If you thought globalization was a recent phenomenon, then reflect on what Tucholsky was led to think almost 100 years ago. He has, it should be said, briefly extolled the Swedish capital, known as the Venice of the North for its islands and waterways. However, now he comes clean:
Monotony of Stockholm. Ah friends! How monotonous our cities have become! …What is there to see? The same tram-bells ring everywhere, policemen raise their white-gloved hands, everywhere the same colourful posters for shaving-soap or women’s stockings. The world has put on an occidental uniform, with American trimmings. It’s no longer possible just to go out and see the world; you have to live with it, or against it.
This short, 127-page novel gradually gets darker and the German pair find themselves involved in the resc of a girl who has been sent by her mother to a grim institution run by a cruel disciplinarian, a German lady. The narrator and Lydia notice the little girl one day, in a line of girls who are being led by ‘a bossy-looking person.’
At the very end was a little girl on her own; she walked as though she were being pulled along, her eyes were stained with tears, she still sobbed occasionally as she walked, but she wasn’t crying.
Tucholsky’s wonderful tale blends fun and a devil-may-care outlook with what seems to be a rather oblique satire on Nazi strictures. The writer was a contemporary of Erich Kästner, the author of Going to the Dogs – The Story of a Moralist, which is also available in translation from NYRB books. This profoundly engaging story was originally published in German with the title, Fabian, which is the name of its chief protagonist.
First published in German in 1931, Kästner’s story is set in Berlin following the economic crash of 1929. Jakob Fabian is "aged thirty-two, profession variable, at present advertising copywriter … weak heart, brown hair."
In a low-paid job without security, Fabian’s excellent education is not serving him well and he is fired from the advertising department of the newspaper for which he has been working. In fact a more subservient, calculating colleague takes the glory for the copy which Fabian had written for a competition, scheduled for the pages of the newspaper.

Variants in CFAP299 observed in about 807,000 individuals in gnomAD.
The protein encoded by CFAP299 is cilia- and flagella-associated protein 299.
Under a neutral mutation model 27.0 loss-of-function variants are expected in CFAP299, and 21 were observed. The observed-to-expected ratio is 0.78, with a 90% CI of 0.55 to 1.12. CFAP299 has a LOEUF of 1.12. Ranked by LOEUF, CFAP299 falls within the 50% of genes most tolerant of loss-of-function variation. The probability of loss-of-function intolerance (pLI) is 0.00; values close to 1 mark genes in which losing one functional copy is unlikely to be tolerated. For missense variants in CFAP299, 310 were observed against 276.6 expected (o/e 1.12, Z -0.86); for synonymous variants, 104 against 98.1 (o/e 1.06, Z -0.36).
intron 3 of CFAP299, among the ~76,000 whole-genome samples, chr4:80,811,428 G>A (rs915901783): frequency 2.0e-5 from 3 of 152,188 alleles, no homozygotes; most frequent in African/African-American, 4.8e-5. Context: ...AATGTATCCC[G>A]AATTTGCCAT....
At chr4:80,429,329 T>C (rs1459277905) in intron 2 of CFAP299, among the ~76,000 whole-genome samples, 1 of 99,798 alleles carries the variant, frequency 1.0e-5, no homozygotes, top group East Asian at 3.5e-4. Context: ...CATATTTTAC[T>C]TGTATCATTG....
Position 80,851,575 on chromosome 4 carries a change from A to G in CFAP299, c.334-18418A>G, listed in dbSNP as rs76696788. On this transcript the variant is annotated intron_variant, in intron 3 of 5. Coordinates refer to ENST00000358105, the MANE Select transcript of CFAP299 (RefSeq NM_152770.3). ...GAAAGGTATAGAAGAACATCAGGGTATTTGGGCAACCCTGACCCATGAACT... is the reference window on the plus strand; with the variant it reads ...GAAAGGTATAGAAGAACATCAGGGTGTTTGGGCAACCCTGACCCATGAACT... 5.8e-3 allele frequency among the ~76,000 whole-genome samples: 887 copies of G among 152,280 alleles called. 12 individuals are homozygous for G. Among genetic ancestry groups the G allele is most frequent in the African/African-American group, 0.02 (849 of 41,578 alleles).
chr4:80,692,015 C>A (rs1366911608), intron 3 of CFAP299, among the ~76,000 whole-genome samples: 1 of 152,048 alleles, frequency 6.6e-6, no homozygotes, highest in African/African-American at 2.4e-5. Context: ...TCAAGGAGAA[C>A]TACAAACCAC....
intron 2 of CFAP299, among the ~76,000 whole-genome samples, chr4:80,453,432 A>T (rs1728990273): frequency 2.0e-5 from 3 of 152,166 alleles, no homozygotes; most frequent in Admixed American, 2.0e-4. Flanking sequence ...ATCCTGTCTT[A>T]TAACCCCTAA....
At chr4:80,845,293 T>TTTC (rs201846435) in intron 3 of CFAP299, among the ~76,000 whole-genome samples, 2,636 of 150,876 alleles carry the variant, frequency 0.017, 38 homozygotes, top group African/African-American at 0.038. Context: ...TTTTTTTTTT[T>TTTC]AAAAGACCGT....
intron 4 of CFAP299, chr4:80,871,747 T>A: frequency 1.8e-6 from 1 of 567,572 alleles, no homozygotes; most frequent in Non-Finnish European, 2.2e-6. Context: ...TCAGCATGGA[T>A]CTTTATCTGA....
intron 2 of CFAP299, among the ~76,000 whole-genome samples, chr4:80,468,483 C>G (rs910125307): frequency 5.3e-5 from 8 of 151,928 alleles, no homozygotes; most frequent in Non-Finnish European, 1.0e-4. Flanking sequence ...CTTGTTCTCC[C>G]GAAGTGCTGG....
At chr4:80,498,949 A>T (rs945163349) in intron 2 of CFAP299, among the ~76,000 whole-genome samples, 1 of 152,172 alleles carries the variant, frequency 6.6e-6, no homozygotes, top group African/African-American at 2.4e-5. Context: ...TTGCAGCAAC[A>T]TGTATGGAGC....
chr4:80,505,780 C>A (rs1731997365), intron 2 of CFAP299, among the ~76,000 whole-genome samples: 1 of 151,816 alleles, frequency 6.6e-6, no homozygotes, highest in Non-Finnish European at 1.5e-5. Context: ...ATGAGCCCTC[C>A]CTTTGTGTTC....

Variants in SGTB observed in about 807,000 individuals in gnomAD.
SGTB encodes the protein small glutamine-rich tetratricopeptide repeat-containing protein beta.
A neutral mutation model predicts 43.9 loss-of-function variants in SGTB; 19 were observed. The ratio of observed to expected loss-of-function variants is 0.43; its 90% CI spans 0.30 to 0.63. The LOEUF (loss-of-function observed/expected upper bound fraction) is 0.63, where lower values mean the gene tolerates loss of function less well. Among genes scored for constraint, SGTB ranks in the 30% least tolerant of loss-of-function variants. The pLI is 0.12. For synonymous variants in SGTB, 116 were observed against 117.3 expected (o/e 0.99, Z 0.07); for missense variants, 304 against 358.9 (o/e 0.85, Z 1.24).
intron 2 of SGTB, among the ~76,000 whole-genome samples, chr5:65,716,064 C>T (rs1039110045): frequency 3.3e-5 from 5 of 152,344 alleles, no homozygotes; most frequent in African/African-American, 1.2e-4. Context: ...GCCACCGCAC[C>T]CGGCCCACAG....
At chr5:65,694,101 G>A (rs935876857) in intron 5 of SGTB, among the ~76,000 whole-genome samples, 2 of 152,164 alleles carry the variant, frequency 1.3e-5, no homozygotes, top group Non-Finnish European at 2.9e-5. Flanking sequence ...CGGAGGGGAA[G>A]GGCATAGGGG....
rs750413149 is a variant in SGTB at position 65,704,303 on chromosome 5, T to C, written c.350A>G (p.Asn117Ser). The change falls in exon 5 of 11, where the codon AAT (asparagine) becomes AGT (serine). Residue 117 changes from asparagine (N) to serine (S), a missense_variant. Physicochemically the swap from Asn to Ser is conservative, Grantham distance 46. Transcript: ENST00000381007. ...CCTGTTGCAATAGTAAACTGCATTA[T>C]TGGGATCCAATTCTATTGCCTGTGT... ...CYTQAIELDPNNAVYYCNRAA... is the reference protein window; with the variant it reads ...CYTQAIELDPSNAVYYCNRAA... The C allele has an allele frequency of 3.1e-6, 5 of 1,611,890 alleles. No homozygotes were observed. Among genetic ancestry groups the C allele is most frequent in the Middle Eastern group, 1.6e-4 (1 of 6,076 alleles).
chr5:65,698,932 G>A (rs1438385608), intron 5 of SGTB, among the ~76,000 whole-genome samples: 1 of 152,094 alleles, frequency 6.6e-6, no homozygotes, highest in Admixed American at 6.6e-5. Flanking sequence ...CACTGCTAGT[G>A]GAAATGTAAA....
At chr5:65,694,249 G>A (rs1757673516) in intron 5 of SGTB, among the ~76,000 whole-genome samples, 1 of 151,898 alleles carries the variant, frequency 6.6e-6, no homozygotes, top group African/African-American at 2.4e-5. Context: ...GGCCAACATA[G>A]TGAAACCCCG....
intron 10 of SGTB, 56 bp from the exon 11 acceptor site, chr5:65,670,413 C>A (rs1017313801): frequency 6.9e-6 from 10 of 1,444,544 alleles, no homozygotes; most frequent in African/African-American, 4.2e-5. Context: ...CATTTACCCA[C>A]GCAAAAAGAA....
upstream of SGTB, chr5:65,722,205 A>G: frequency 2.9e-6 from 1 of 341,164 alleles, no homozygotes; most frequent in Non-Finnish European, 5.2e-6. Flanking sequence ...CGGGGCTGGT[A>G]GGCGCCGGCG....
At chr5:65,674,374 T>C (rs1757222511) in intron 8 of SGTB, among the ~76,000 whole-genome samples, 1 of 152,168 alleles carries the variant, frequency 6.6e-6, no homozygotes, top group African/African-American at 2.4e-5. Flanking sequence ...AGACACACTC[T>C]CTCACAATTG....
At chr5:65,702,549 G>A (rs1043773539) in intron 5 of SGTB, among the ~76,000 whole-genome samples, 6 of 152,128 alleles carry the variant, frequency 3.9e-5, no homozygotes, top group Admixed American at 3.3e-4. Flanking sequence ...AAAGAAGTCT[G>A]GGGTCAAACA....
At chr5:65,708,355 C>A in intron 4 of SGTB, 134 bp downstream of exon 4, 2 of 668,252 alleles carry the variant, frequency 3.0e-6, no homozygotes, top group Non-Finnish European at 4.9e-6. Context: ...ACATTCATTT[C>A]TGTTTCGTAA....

A lurid Weimar atmosphere infects the tale, yet ideas are thrashed out just as ideas were the very fibre of Thomas Mann’s far longer and much better-known novel, The Magic Mountain. Fabian and his pal Labude frequent sleazy bars and gatherings, talking and discussing life, philosophy and women at length.
Rodney Livingstone, who penned the introduction to the NYRB edition of Going to the Dogs, writes that the novel "brilliantly renders with tangible immediacy the last frenetic years [in Germany] before 1933." As well as being a sensual, libidinous tale of self-indulgence, Going to the Dogs is topical about political developments and makes reference to the National Socialists whose murderous regime is pending.
Goebbels himself presided over the burning of books on May 10 1933 in Berlin's Oberplatz. Kästner's books were burned with the works of Heinrich Mann as an affront to `discipline and morality in the family and the state.' Kästner was the only writer of the books famously burned who was present on that occasion, he never in fact fled the Nazi regime. His books were banned from Germany thereafter, but he lived on the income from foreign sales, as his works could be printed abroad.
The Nazis would thus consign Kästner's books to the flames, though not his two books for children, Emil und die Detektive (Emil and the Detective) which was first published in 1928, and its sequel, Emil und die Drei Zwillinge (Emil and the Three Twins). A hugely popular tale, Emil und die Detektive has been adapted for the cinema five times, three of those occasions in German, with UK and American versions in 1954 and 1964, respectively.
Towards the close of Kästner’s engaging 208-page saga, Fabian returns to his home-town, believed in this instance to be a depiction of the author’s native Dresden. His ramblings around his boyhood town have a wistful air of lost illusions.
The portrait of his provincial mother and father, both of whom are markedly different from the denizens of lusty Berlin, is somehow reminiscent of James Joyce. There is the isolation of the artist, the potential for misunderstanding. The kind of poise and pathos we associate with certain sections of Portrait of the Artist as a Young Man is apparent in Cyrus Brooks’ translation, and it is a must-read.